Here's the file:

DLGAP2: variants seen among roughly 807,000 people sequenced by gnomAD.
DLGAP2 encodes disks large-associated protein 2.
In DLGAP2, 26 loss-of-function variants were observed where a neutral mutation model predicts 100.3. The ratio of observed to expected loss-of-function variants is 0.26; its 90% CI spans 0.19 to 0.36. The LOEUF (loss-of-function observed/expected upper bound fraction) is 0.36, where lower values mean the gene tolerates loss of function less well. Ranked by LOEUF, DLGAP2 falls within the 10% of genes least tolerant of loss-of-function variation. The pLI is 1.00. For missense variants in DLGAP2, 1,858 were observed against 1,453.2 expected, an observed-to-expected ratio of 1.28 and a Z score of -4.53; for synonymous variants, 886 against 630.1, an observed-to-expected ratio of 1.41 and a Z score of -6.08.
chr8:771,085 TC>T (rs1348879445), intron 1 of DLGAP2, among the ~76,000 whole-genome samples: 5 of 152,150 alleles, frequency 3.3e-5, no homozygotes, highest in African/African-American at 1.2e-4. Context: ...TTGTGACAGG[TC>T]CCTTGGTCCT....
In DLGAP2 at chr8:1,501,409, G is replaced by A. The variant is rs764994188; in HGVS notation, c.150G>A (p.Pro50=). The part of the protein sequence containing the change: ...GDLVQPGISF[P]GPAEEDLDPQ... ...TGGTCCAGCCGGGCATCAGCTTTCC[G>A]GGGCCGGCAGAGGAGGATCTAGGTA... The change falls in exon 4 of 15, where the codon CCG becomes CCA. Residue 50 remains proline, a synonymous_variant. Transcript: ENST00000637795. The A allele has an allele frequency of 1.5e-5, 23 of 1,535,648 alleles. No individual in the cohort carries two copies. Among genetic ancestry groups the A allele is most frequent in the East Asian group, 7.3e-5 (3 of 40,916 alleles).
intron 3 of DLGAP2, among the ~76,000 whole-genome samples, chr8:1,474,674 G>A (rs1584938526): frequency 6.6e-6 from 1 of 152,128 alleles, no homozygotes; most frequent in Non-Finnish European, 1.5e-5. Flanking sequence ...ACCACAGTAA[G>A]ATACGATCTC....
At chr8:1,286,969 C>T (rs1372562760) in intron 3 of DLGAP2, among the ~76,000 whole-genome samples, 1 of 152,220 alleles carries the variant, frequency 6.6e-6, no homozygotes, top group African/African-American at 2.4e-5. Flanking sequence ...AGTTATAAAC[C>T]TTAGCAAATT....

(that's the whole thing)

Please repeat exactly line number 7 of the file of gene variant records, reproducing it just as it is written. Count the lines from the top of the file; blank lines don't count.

At chr8:1,286,969 C>T (rs1372562760) in intron 3 of DLGAP2, among the ~76,000 whole-genome samples, 1 of 152,220 alleles carries the variant, frequency 6.6e-6, no homozygotes, top group African/African-American at 2.4e-5. Flanking sequence ...AGTTATAAAC[C>T]TTAGCAAATT....